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MetaSwitch Forum Takeaways � What Big Carriers can Learn from Small Carriers


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April 27, 2009

MetaSwitch Forum Takeaways � What Big Carriers can Learn from Small Carriers

By Jon Arnold, Principal, J Arnold & Associates

This year’s MetaSwitch (News - Alert) Forum provided a host of proof points that service providers of all stripes can stay competitive so long as they deploy the right technology and have the right vision for serving their customers. In my mind the former is the easy part, and one of the reasons why MetaSwitch has been so successful is their ability to provide both for their service provider customers.

I have a few themes to explore from their forum, and this column will focus on what big carriers can learn from small carriers. MetaSwitch has built up a strong market position with smaller carriers – CLECs, RLECs, IOCs, etc. – and being among these operators for a few days was a great way to learn about their challenges and how MetaSwitch is helping them compete.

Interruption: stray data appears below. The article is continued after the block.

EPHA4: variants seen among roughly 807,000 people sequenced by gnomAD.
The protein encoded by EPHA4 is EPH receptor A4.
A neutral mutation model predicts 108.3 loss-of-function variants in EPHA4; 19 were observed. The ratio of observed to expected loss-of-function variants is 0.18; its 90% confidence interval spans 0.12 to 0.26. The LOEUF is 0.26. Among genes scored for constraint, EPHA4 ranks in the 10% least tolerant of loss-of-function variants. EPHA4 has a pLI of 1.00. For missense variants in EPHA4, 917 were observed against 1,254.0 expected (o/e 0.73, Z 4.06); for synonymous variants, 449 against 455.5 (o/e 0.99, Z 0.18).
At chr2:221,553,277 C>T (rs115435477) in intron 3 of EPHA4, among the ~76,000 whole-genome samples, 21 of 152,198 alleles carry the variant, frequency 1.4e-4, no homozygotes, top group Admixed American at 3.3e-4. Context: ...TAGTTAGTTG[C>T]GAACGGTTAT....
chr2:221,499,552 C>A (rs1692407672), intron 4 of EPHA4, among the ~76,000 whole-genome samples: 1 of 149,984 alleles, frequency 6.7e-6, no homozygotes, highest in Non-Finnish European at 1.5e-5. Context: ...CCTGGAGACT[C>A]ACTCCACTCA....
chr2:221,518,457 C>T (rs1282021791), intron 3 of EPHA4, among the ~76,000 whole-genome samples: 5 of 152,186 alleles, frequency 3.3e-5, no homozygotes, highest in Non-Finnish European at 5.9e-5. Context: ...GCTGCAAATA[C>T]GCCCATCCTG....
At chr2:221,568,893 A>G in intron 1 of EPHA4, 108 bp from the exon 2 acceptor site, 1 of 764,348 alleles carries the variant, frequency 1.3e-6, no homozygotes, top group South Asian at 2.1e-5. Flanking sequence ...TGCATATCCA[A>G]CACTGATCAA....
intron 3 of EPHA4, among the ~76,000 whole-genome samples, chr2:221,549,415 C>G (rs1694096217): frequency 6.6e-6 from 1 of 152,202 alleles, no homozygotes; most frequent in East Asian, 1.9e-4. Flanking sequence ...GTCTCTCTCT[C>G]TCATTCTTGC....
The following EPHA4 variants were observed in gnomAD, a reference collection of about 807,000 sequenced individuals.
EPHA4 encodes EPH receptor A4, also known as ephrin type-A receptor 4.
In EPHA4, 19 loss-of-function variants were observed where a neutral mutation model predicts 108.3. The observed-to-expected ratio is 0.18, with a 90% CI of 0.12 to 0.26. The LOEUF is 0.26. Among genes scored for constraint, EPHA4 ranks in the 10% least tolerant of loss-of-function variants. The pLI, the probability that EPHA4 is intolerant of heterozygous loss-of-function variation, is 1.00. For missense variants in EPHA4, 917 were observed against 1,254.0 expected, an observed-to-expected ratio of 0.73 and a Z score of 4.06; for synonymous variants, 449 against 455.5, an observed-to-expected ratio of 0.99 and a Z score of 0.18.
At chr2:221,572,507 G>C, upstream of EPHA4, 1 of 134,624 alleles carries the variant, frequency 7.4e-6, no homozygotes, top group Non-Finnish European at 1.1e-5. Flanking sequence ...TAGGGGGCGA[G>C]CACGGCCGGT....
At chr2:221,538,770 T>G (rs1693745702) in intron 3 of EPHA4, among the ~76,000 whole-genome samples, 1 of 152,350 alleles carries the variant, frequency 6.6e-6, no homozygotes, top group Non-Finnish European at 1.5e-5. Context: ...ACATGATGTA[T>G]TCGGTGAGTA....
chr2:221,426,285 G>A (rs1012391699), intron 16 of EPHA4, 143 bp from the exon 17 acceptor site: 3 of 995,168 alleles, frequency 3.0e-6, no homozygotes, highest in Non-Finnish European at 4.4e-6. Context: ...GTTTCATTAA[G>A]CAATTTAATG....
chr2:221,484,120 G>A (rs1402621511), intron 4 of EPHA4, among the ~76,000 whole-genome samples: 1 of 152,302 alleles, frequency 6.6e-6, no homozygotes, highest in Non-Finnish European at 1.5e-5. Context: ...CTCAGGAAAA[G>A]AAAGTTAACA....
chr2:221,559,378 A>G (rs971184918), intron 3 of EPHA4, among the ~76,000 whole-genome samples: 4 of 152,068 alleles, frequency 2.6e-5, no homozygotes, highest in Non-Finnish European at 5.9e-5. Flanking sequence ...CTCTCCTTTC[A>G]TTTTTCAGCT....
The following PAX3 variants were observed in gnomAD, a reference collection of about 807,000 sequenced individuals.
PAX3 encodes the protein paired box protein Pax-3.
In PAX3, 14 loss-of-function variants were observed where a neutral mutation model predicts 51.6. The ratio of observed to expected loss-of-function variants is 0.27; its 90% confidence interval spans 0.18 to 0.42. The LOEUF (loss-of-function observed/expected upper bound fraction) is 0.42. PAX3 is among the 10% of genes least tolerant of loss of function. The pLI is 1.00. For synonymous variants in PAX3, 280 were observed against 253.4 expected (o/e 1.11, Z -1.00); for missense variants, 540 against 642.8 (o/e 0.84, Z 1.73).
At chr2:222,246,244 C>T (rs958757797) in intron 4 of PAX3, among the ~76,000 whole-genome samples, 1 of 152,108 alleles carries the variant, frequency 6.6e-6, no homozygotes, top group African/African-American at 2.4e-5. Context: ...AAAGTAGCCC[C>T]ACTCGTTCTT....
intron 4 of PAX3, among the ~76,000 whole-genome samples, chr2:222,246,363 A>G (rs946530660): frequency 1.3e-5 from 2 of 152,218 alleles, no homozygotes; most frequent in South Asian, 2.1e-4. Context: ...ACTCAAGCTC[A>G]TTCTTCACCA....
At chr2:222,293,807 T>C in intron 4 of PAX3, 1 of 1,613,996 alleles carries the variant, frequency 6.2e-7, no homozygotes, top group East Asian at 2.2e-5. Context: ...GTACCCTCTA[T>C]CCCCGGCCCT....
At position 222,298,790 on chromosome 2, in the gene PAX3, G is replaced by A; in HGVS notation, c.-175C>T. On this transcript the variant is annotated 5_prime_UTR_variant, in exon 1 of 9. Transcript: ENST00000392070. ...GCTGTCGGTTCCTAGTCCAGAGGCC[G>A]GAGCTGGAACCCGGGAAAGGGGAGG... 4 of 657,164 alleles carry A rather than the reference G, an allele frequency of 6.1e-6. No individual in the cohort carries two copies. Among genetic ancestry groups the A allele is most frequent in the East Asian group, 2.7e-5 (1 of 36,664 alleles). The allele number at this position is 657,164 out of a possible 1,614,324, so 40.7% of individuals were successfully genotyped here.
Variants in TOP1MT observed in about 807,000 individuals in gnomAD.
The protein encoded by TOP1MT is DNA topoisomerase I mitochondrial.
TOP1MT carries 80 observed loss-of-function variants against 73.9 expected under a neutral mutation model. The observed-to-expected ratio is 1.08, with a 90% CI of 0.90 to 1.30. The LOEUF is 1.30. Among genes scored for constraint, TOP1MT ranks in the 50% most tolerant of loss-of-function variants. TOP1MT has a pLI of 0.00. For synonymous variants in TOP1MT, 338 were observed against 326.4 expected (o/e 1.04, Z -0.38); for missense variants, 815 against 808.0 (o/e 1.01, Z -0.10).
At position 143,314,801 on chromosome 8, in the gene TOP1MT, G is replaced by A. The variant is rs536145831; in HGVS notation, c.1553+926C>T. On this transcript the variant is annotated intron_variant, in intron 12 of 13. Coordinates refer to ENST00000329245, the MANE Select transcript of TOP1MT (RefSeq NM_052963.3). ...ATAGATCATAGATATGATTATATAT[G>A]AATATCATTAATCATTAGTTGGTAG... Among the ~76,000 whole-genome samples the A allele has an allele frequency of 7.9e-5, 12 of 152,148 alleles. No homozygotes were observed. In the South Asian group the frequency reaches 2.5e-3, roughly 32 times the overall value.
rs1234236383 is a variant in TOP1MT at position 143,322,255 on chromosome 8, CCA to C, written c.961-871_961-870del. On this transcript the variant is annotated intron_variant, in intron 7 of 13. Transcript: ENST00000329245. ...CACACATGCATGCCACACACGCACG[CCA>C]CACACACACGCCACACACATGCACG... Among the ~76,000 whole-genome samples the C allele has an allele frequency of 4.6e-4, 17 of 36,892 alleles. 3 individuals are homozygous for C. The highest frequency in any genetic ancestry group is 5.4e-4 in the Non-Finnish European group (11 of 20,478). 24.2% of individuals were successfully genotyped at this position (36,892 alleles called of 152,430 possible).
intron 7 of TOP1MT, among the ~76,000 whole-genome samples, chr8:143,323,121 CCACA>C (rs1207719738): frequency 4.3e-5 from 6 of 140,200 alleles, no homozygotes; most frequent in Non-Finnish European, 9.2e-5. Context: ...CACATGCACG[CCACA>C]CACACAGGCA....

While many of these operators serve rural markets and have small subscriber bases, the customer needs – at least residential – have a lot in common with those in urban markets. These operators typically fly under the radar of mainstream coverage, and I was just one of a handful of outsiders invited to attend this event. As such, there is much to learn here that will apply to larger service providers for both residential and business subscribers.
The first thing that strikes you about MetaSwitch’s customers is their extensive use of fiber, most often to the home. I don’t have any data points to validate this, but almost everyone in my conversations has already rolled out fiber. Some are using it just to support telephony, but many are offering Triple Play bundles including IPTV (News - Alert). In fact, one of the most popular sessions of the conference was the panel discussion on IPTV. If this is news to you, then you need to pay more attention to what Tier 3 operators are doing with softswitch platforms such as MetaSwitch.
Setting aside the fact that these operators have different realities than Tier 1 carriers, it is clear to me that if they can innovate like this and adopt next-gen technologies despite all their limitations, then so can their larger counterparts. Some of these operators have done a great job reinventing themselves for the world of IP, and can offer many best practices for larger operators willing to listen.